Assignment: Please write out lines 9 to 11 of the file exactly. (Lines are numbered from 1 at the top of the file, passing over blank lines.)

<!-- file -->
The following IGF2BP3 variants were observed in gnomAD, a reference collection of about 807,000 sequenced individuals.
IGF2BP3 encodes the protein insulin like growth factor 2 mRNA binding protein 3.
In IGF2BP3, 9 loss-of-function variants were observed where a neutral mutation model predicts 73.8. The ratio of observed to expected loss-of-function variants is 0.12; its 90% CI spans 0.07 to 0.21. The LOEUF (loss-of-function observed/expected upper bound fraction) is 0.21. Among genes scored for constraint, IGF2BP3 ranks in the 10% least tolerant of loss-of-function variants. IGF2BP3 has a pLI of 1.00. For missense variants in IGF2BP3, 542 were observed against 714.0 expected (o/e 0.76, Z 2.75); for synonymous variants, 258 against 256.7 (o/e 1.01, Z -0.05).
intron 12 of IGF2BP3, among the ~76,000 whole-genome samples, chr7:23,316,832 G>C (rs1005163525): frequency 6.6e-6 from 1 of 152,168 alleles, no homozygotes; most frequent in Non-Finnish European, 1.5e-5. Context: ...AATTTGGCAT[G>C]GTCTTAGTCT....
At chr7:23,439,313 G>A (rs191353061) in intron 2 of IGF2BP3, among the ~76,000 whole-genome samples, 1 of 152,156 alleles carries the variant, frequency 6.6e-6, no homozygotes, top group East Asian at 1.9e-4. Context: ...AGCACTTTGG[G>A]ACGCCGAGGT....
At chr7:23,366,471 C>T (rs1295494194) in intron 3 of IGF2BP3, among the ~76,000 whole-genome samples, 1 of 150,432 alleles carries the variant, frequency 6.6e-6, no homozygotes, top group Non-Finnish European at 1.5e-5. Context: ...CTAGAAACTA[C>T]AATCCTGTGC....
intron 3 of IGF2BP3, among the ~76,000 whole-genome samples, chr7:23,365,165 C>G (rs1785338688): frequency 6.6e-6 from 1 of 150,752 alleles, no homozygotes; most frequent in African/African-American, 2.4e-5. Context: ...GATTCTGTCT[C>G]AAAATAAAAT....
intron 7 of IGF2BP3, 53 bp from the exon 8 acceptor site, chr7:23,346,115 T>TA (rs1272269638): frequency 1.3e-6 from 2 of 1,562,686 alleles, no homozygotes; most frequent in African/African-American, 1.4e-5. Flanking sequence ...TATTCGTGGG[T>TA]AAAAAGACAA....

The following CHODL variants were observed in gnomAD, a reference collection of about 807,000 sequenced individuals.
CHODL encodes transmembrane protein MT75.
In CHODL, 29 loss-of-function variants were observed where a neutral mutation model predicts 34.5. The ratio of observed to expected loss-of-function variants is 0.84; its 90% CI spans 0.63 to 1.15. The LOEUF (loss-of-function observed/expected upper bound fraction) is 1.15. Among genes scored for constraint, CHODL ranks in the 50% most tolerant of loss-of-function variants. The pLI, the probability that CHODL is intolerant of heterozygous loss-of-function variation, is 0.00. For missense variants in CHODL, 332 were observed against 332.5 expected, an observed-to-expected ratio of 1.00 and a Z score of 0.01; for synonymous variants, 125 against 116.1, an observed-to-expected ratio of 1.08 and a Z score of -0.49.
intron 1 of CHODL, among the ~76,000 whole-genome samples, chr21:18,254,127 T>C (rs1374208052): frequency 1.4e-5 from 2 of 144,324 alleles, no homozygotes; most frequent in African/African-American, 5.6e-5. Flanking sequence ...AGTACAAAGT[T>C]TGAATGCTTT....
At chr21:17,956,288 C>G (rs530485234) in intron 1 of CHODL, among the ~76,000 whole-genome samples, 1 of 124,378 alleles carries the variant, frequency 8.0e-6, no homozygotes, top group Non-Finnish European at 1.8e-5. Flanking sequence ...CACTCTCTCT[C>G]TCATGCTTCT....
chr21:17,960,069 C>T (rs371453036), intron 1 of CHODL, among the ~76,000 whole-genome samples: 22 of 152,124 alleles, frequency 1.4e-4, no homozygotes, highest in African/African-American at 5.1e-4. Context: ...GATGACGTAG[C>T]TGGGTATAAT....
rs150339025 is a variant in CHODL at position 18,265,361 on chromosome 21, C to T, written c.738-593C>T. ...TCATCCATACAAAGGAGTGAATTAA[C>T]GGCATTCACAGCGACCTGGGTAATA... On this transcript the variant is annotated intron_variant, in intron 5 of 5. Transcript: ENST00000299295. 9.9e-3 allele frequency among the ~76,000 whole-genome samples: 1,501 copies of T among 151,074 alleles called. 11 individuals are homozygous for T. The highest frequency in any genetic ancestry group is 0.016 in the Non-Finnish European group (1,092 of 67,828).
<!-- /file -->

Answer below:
The following CHODL variants were observed in gnomAD, a reference collection of about 807,000 sequenced individuals.
CHODL encodes transmembrane protein MT75.
In CHODL, 29 loss-of-function variants were observed where a neutral mutation model predicts 34.5. The ratio of observed to expected loss-of-function variants is 0.84; its 90% CI spans 0.63 to 1.15. The LOEUF (loss-of-function observed/expected upper bound fraction) is 1.15. Among genes scored for constraint, CHODL ranks in the 50% most tolerant of loss-of-function variants. The pLI, the probability that CHODL is intolerant of heterozygous loss-of-function variation, is 0.00. For missense variants in CHODL, 332 were observed against 332.5 expected, an observed-to-expected ratio of 1.00 and a Z score of 0.01; for synonymous variants, 125 against 116.1, an observed-to-expected ratio of 1.08 and a Z score of -0.49.